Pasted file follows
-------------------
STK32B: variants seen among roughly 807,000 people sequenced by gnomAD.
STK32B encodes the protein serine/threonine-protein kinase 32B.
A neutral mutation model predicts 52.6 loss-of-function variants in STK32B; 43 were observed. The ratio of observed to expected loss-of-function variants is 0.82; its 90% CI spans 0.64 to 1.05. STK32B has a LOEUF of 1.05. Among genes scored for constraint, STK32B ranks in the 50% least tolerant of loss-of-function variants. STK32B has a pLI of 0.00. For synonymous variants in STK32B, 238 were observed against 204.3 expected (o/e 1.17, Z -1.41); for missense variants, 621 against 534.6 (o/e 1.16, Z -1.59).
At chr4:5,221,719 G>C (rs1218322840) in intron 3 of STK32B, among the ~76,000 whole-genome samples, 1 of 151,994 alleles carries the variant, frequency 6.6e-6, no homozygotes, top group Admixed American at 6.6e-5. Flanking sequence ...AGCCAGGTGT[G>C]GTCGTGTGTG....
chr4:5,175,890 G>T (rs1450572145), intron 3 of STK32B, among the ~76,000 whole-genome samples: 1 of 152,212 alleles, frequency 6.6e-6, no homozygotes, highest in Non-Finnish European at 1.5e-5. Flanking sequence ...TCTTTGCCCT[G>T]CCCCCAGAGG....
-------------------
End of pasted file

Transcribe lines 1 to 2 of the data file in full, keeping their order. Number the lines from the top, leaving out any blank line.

STK32B: variants seen among roughly 807,000 people sequenced by gnomAD.
STK32B encodes the protein serine/threonine-protein kinase 32B.